Employee Development

To build better bosses, focus on these 3 key areas [new report]

building better bosses feature

Great bosses are the unsung heroes of small and midsize businesses. They create positive employee experiences that boost worker productivity and performance, which ultimately increases the bottom line. Equally as significant in today’s labor market, the positive experiences that bosses create also support employee satisfaction and drive retention.

Our research indicates CEOs know the value of their bosses and are investing in them accordingly. Employee development, inclusive of leadership development, was revealed as one of the top 10 investments for CEOs in 2022 in our CEO Projections report, and our latest survey shows that 75% of CEOs are directing those funds toward leadership development for bosses.

Given how much the workplace has changed since 2020, developing bosses is critical right now. In fact, no role has experienced more change in the last two years than that of the boss. Our research suggests bosses have encountered the most significant changes within the workplace, culture and accountability practices. Here are key considerations for leadership development in each of those three areas.

1. Workplace

Hybrid working is new for all of us — including bosses. Bosses can’t rely on their instincts to lead people in this unfamiliar environment; they need training and development to do so. They also need permission to fail when experimenting with new management approaches.

However, this training and development is complicated by two factors: There’s no tried-and-true way to prepare bosses for hybrid working, and workplace models are continually changing. Moreover, workplace models vary by organization and team. Of the CEOs we recently surveyed, 41% have a fully on-site workforce, while 50% have a hybrid workforce and 6% have a fully remote team.

To account for these differences, small and midsize businesses should emphasize customization when offering development programs, tailoring offerings to the needs of bosses and teams as much as possible. It’s also a good idea to get bosses directly involved in the process. Bosses can help CEOs pinpoint the right workplace model and training based on what they’re hearing from employees. They can also help communicate and enforce new expectations for a new workplace model once it’s implemented.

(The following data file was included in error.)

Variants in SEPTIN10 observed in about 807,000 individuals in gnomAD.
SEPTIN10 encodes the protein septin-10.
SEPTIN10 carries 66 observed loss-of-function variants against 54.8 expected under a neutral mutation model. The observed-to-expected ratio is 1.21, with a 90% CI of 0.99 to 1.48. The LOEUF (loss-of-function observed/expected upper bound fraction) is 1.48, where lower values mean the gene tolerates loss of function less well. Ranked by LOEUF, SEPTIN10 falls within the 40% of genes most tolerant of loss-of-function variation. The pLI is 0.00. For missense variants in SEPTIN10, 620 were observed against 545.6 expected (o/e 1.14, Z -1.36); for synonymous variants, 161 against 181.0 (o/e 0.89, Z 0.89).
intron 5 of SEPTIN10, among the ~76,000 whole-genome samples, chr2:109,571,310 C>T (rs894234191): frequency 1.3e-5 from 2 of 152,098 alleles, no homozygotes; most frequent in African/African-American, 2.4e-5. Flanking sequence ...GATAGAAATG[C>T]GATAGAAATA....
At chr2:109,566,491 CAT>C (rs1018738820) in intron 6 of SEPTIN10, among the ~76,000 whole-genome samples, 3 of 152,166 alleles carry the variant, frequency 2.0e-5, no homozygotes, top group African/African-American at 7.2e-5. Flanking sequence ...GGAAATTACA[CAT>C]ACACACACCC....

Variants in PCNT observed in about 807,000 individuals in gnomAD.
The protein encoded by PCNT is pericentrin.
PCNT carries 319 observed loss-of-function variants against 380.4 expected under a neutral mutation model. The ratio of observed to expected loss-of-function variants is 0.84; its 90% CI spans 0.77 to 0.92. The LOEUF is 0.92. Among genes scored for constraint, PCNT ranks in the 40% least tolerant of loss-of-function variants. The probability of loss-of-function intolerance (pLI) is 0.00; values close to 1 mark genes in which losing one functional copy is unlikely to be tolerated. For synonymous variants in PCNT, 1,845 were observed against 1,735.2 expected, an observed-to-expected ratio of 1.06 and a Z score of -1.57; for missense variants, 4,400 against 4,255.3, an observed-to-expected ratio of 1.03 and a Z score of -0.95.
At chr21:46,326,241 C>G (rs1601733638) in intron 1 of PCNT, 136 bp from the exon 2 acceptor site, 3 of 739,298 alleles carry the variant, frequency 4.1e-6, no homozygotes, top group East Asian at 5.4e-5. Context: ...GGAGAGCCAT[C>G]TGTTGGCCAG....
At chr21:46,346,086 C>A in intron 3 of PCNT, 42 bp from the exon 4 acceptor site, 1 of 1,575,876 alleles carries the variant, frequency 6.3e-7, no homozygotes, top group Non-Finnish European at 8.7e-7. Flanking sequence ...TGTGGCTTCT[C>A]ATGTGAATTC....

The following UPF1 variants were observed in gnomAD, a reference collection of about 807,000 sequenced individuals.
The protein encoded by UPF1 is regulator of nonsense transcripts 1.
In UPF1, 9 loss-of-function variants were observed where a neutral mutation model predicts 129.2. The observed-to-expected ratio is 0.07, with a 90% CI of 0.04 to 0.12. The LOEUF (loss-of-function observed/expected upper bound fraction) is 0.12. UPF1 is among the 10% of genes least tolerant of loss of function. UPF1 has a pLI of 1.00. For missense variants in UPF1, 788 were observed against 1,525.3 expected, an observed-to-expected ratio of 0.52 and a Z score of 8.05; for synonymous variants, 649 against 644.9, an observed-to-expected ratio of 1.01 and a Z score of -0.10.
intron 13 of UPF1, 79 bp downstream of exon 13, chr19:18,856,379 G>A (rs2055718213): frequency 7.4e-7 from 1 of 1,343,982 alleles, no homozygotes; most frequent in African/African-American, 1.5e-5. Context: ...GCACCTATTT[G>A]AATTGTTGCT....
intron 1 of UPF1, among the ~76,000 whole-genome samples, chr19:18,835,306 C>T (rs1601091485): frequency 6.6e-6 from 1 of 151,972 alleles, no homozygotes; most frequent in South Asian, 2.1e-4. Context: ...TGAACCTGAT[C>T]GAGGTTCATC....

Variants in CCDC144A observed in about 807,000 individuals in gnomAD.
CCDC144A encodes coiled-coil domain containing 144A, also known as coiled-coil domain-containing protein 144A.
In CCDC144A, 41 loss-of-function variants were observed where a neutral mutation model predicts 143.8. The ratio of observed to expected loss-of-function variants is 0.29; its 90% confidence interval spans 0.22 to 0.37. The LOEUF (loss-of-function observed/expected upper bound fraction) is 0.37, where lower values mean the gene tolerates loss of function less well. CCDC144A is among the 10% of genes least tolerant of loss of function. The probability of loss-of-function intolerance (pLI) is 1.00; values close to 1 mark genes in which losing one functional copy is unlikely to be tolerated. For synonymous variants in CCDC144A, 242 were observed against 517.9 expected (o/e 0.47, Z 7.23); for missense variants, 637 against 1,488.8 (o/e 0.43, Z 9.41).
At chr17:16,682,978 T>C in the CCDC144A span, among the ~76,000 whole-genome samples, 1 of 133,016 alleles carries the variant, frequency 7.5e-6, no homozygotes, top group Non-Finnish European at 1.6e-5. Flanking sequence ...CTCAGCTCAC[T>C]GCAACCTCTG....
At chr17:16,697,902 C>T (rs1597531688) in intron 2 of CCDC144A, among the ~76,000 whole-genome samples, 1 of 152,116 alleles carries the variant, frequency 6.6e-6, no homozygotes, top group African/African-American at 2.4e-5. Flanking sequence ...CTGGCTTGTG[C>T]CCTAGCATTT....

Note the definition of “hybrid workforce” may vary across organizations. In one organization, for example, hybrid working might mean knowledge workers are at home while frontline workers are in the office. In another organization, it might mean all employees work part time in the office and part time from home.

2. Culture

CEOs define culture for an organization, but bosses model the behaviors that bring culture to life. Specifically, bosses translate ideals into action and help teams understand how their work supports a larger purpose.

However, as businesses shift to new ways of working, bosses must change how they fulfill this responsibility. When employees are working remotely, for instance, bosses need new tools and tactics for rallying teams around shared values or beliefs. Similarly, bosses need different strategies to keep teams connected to the company culture when they’re not in the office. In some cases, bosses will need to rely on digital means to recognize and reward behaviors that reinforce culture.

3. Accountability

Regardless of an organization’s workplace model, bosses need to change how they manage people and maintain performance. As workplaces and workstyles have evolved, accountability measures have become more complex. To keep employees accountable in a changing environment, bosses need to move seamlessly between three roles: leader, coach and manager.

The boss as a leader: As a leader, the boss needs to connect the team’s work to the organization’s goals. They must set the vision and direction for the workgroup, providing clear expectations for how individuals and teams contribute to overarching objectives.

The boss as a coach: As a coach, the boss must empower individuals and teams to excel. This includes working with people to develop their skills, enhance their capabilities and realize their potential.

The boss as a manager: As a manager, the boss is responsible for individual and team performance. They must clearly define roles, activities and responsibilities, set standards and grade performance. They must establish goals, and then hold people accountable for the activities and results needed to achieve those goals.

Learn more about building better bosses

In these extraordinary times, your organization needs extraordinary bosses. Download our new report, Leadership Development: Building Better Bosses, to gain additional insights on how to train and develop bosses for an evolving workplace. The report features the latest survey results from Vistage Research along with expert advice from members of the Vistage community.

Category: Employee Development

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About the Author: Joe Galvin

Joe Galvin is the Chief Research Officer for Vistage Worldwide. Vistage members receive the most credible, data-driven and actionable thought leadership on the strategic issues facing CEOs. Through collaboration with the Vistage community of…

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